Four Are Named to the Hall of Fame
East Hampton High School’s Hall of Fame committee has named three athletes, Zach Brenneman (2007), Justin Winter (1982), and Michael Sarlo (1988), as well as the school’s longtime trainer, Randi Cherill, as an honorary member, to its class of 2018. They are to be inducted at homecoming on Sept. 22.
Brenneman, a men’s lacrosse all-American midfielder when in high school and in college, led Notre Dame to the 2010 National Collegiate Athletic Association final with Duke, scoring a half-dozen goals in those Final Four games, if memory serves. He finished his college career with 100 points, and went on to play the sport professionally on the East and West Coasts.
“Zach definitely was one of the guys who put East Hampton’s lacrosse program on the map,” said his former coach, Ralph Naglieri, who recommended him. “He had an unbelievable career. At a P.A.L. game, when he was a sixth grader, I saw this big, lean lefty receive a pass at speed and, in one motion, finish it into the opposite corner of the cage. ‘Who the heck is that?’ I wondered. It was like a one-touch goal in soccer. Then I heard his father was the Little League commissioner. But, as you say, Tim never pushed him to play baseball, fortunately for me.”
“I brought him up from the jayvee as an eighth grader,” Naglieri continued. “We reached number 10 in the state in his junior year. I remember after a playoff game that year getting calls about him from the University of Virginia and Johns Hopkins, asking for directions. He led Notre Dame in scoring in his junior year, and captained the team in his senior year, leading it to a number-one ranking and to its first N.C.A.A. final in its history.”
“One of the things that made him so good was that he could shoot well on the run, often from 15 yards out. It’s the difference between a point guard dribbling in the lane and shooting rather than setting up for a 3-pointer. Zach could dodge and score. He could find the twine.”
According to Mike Burns, who recommended him, “Justin Winter was one of the finest student-athletes in the history of East Hampton High School — his accomplishments in track and football were of the highest level, league, county, or state.”
“He performed with intensity, yet tempered it with humility and the highest degree of sportsmanship. He and Ed Budd brought the football program back after the year of austerity in 1979, when they were freshmen. I still get chills thinking of his 45-yard kickoff return at Westhampton, which sealed the league football title for us in 1981.”
“He was a county finalist in the 100, 200, and 400-meter races all three years. He placed second in the county 400 and ninth at the state meet. Moreover, he anchored the 400-meter and 1,600-meter relay teams, which were undefeated and set school records in his career here. He captained the track team for all three years and was its M.V.P. every year. In short, he was a winner.”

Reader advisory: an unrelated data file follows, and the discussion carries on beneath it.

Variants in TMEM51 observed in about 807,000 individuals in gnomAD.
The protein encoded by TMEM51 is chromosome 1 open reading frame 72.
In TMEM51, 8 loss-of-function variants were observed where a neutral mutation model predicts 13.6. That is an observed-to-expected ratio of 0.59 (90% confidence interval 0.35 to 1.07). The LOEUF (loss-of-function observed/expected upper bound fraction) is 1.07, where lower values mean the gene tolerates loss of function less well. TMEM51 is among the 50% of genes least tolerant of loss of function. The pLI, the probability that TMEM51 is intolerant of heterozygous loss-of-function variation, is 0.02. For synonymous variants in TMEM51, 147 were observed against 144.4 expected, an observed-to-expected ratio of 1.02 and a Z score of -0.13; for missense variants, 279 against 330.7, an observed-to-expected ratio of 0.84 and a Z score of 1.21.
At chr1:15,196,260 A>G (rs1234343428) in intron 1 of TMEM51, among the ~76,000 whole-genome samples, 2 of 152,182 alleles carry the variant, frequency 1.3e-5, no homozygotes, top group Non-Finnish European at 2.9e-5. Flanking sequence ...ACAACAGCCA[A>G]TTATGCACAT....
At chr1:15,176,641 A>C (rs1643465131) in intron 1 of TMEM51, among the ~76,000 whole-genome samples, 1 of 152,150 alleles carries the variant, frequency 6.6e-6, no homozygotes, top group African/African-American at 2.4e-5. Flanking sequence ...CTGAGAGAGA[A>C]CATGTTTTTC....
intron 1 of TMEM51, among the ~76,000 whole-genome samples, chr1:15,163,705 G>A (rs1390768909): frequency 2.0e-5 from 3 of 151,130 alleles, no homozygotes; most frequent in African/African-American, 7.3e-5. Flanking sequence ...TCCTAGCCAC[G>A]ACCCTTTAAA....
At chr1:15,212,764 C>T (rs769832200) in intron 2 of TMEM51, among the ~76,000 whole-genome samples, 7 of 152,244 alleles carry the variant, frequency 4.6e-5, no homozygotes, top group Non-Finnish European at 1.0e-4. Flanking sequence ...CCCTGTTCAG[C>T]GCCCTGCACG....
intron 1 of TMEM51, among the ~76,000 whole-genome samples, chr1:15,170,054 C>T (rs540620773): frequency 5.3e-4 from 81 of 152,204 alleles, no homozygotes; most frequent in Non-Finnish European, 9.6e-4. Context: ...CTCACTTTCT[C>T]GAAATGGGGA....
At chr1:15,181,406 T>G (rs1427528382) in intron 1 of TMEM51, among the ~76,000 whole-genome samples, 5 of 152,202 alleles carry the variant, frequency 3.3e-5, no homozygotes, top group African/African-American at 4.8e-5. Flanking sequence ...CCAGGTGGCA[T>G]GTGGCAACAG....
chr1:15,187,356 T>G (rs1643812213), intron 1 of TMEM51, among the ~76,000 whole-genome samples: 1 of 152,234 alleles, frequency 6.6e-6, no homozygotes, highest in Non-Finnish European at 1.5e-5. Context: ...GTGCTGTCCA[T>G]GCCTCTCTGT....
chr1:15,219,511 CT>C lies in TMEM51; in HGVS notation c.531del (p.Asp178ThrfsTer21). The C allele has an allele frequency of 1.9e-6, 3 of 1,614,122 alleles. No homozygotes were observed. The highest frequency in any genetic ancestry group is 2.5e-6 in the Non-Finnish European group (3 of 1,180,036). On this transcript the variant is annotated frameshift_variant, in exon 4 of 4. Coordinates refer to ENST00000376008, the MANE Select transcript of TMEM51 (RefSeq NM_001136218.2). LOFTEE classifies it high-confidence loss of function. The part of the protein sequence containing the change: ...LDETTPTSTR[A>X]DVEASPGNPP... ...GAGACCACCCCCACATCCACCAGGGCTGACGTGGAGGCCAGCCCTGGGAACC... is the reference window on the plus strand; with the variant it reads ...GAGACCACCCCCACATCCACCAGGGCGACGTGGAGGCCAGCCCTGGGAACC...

“I guess they needed a role player,” East Hampton Town’s police chief, Michael Sarlo, has been telling his friends after learning he’d been selected.
A three-sport athlete — as were Brenneman and Winter — Sarlo said during a conversation the other day that he cherishes the friendships he made playing youth and high school sports here, bonds that remain to this day, and the character-building lessons imparted by his coaches — by Jim Nicoletti, his baseball coach, in particular.
“I paid tribute to Coach [Nicoletti] when I was installed as the town’s police chief five years ago. He was my physical education teacher in elementary school. When I was 11, he let me be the team’s batboy — he’d take me over from John Marshall to the field every day, and I’d help at the practices — it was a small team — tossing balls in the dirt for the catcher and first baseman to field. . . .”
“He taught me just about everything I needed to know about life . . . about being prepared, about the value of practicing in order to meet the demands of challenging situations, about understanding your role, the way you could best contribute to the team, lessons that I’ve valued throughout the years and have helped make me who I am today.”
As the football team’s tight end he often blocked on running plays, despite a badly broken thumb, he contributed in his senior year to the basketball team’s success as a passer and defender, and, still rehabbing the thumb, set a school r.b.i. record in baseball, “until Ross Gload came along.”
“I’m very, very humbled by being a part of this [Hall of Fame] group,” he said. “As far as I’m concerned, it’s what the East Hampton community — the coaches, the older guys we looked up to, the friends I played football and basketball and baseball with — has done for me, not what I did for the program.”
Randi Cherill, who oversees Manual and Sports Physical Therapy in Amagansett when she’s not at the high school, has tended to East Hampton High’s athletes for 16 years. In an interview on these pages a while ago she said, “I love the kids. They keep things light, funny. Twenty minutes after school, whether they’re injured or not, they take over my office. Which is fun. . . . Basically, I’m always here, but I love it.”
Injuries she’s treated have included broken and dislocated bones, muscle pulls, ankle sprains, and the like, head and neck injuries being “the scariest,” though undoubtedly her tensest moment as a trainer, she said, occurred when Fred Heckman, who’d been refereeing a jayvee boys basketball game on Dec. 5, 2008, collapsed and went into cardiac arrest.
While she administered CPR, the district’s athletic director, Joe Vas, and John Krupp, a phys ed teacher here at the time, applied a defibrillator, with colleagues of Krupp’s, Rich King and Jason Menu, and Judy Bennett, an emergency medical technician, also helping out. Their quick responses resulted in saving Heckman’s life.
Vas has called Cherill “the best of the best . . . even though she’s an Eagles fan.”